Coast in the running for World’s most prestigious environmental award,worth $195,000 to the winner
The Sunshine Coast Rivers Community group has been short listed as a finalist for one of the World’s most prestigious environmental awards – the 2011 Australian National Riverprize – worth $195,000 to the winner.
The group, headed by Sunshine Coast Council, is a formidable regional partnership of more than 30 community groups and organisations, all dedicated to protecting and improving the waterways of our region through the Sunshine Coast Rivers Initiative.
Environment Portfolio Councillor Keryn Jones said that even by itself, the application for the Riverprize award is impressive.
“Just seeing all of the Initiative’s achievements listed on one page demonstrates the devotion and commitment of all group members,” Cr Jones said.
“I’d like to congratulate the Initiative’s many partners for the important work they do.
“Our waterways are our region’s lifeblood and our livelihoods and lifestyles depend up on them so it’s essential we look after them into the future.
“The Initiative unites an impressive collection of achievements involving improvements to creek-side vegetation, in-stream habitat, and land management practices as well as range of waterway health planning and research projects.
“Council’s recently adopted Waterways and Coastal Management Strategy provides a solid foundation for action.
“And with community groups, three levels of government, industry and research organisations all working together – both within and between catchments – we’ve got a real recipe for success.
“The Sunshine Coast Rivers Initiative works collaboratively to improve the health of our precious waterways and being short listed as a finalist shows the group is well on the way to achieving that goal.”
The challenger for the Riverprize is another Queensland-based finalist, Project Catalyst, who are working to improve water quality to help save the Great Barrier Reef.
The Riverprize will be awarded during the 14th International Riversymposium (26-29 September, 2011) in Brisbane at a Gala Dinner on 27 September at the Brisbane Convention and Exhibition Centre, South Bank.
Some of the achievements of the Sunshine Coast Rivers Initiative
Coolum Creek Confluence Fish Habitat Project – a badly degraded section of the Maroochy River has been successfully restored and re-established as fish habitat. This was done by introducing large log structures along the 600m stretch, planting hundreds of mangroves and revegetating a 30m buffer on both sides of the river.
Community Waterwatch monitoring – local volunteers monitor water quality, flora and fauna and pests at hundreds of sites across the six catchments. If pollution is detected, they do what’s necessary to manage the situation.
Sunshine Coast Waterways and Coastal Management Strategy 2011-2021 provides a ten year framework and direction for management of the region’s natural waterways, constructed water bodies and coastal foreshores. Council will use the strategy to guide planning and operational activities as well as community initiatives, to ensure that the Sunshine Coast’s waterways and coastal foreshores are ecologically healthy and well managed.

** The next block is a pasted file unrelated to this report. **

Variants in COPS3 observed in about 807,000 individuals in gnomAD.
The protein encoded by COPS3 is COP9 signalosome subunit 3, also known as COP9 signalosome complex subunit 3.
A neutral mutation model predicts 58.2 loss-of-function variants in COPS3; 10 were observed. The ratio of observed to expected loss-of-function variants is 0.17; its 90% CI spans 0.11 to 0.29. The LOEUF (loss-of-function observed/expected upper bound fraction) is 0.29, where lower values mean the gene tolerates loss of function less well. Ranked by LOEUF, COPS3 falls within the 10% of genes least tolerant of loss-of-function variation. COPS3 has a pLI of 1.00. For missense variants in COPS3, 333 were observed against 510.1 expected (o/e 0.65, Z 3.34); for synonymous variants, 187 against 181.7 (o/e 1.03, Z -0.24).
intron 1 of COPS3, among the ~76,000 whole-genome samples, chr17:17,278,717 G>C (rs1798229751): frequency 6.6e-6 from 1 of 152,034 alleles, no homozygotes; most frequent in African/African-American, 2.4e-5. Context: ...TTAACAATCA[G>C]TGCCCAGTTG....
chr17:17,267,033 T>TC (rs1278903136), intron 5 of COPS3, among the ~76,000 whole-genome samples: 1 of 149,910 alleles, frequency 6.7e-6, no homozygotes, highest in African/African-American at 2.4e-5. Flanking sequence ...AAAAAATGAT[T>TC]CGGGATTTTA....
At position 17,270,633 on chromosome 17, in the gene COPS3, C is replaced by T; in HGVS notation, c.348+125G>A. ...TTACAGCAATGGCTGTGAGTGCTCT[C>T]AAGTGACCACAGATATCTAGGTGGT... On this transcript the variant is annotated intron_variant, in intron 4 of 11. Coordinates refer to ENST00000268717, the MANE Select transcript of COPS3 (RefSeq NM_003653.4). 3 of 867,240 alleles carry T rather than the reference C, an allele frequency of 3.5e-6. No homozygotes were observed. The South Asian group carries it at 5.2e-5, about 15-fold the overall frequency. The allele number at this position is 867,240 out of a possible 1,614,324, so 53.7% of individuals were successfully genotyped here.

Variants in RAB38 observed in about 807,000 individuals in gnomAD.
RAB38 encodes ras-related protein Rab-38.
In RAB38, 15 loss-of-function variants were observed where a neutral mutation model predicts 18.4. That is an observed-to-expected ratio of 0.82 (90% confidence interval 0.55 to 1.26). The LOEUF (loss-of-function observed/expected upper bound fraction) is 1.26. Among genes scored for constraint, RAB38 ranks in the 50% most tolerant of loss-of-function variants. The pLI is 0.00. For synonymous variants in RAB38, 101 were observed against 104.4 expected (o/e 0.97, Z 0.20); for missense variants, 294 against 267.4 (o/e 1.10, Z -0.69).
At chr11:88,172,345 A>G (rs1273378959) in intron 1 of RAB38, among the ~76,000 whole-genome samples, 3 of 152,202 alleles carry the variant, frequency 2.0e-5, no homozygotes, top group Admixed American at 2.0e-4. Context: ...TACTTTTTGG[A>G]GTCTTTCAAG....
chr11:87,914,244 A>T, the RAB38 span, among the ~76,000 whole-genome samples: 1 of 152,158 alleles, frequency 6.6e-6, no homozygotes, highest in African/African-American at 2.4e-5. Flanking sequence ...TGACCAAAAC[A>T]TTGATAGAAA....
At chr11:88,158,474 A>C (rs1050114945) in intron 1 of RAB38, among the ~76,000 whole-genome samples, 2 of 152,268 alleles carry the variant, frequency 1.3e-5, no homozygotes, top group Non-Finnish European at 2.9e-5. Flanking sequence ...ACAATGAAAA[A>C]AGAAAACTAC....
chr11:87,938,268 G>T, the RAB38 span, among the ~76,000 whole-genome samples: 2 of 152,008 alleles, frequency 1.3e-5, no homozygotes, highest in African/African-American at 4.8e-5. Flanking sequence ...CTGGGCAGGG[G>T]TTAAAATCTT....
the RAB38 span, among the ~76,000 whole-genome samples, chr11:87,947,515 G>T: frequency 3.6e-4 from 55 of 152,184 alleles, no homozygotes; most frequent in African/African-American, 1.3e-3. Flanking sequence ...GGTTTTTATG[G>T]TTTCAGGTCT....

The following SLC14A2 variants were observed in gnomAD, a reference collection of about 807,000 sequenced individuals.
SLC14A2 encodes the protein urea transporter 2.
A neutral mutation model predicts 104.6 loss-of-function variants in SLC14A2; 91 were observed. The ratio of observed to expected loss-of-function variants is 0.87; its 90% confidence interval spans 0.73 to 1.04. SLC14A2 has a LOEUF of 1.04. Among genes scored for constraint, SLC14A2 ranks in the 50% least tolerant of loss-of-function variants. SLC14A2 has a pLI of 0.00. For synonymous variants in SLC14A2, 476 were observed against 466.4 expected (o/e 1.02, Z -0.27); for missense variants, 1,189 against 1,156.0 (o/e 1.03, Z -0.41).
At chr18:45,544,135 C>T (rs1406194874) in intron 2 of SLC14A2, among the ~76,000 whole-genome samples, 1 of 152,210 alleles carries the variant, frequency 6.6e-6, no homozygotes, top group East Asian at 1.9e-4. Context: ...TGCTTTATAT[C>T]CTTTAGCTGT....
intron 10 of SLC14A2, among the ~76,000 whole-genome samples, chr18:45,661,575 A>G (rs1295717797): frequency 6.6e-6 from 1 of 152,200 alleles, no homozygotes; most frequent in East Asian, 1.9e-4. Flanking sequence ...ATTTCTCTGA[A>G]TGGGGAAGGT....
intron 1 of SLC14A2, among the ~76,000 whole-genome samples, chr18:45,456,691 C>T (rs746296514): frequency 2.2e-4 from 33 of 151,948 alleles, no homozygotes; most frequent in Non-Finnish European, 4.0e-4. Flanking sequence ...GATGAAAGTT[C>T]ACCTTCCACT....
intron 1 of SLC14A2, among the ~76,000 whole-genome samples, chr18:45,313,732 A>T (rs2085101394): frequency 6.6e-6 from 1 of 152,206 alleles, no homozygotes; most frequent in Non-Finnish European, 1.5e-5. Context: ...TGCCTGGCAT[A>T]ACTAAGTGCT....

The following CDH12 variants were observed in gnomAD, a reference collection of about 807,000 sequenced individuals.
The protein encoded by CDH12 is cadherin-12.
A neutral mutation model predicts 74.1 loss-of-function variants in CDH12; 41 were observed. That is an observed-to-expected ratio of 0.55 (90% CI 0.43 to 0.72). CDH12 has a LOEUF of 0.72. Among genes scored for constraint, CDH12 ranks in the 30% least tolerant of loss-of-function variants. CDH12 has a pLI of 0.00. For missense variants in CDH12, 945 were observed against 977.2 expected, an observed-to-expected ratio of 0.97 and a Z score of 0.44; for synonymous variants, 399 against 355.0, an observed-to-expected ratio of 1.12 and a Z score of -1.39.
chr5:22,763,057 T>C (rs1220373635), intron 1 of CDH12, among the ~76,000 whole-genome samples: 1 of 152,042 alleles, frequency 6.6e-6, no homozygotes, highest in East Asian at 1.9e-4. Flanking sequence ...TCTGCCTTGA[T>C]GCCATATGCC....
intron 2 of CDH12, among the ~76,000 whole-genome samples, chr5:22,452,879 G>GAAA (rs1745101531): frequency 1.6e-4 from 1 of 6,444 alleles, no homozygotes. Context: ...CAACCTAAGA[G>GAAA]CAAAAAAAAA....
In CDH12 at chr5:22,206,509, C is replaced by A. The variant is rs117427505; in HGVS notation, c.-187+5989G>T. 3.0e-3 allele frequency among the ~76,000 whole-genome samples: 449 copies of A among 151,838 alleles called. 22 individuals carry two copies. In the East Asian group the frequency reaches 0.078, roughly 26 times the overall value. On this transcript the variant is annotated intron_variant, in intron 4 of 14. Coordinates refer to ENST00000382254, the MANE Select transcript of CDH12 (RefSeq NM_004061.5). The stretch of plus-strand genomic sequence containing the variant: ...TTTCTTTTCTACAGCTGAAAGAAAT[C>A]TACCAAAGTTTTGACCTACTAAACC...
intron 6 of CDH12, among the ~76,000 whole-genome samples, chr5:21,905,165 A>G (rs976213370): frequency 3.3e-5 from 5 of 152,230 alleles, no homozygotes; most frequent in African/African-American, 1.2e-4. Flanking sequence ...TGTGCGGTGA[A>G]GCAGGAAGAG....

Echidna Creek Riparian Rehabilitation Project was the first rehabilitation project of its kind in South east Queensland. Working with landholders, riparian lands were rehabilitated and monitored to determine how effective the works were in improving waterway health.
Sunshine Coast Litter Collective is a collaborative partnership between 10 local catchment and community groups who aim to make the Sunshine Coast a litter free zone.
Sunshine Coast Erosion and Sediment Control Program focuses on the planning and construction phases of urban development to ensure waterways are protected from the potential impacts of land and infrastructure development.
Ecoflicks is an annual competition and short film festival promoting community environmental stewardship, raising awareness of community participation in natural resource management.
Mary River Tributaries and Rehabilitation Plan was Australia’s first Catchment Rehabilitation Plan. The long-term objective of the plan is to protect waterways of conservation value, while rehabilitating and restoring degraded reaches in a more strategic and cost-effective manner than has occurred in the past.
Floating Land is an ongoing conversation about creativity, the environment and culture. As one of Australia’s leading Green Arts events it engages the community with nature, through the imagination of writers, performance artists, musicians, photographers, academics and scientists.
Large Scale Rehabilitation Project – Upper Paynter and North Maroochy. The largest creek-side rehabilitation projects undertaken in south east Queensland. The project involved the rehabilitation of both stream banks, fencing, tree planting, a three year maintenance period and involved 21 landholders.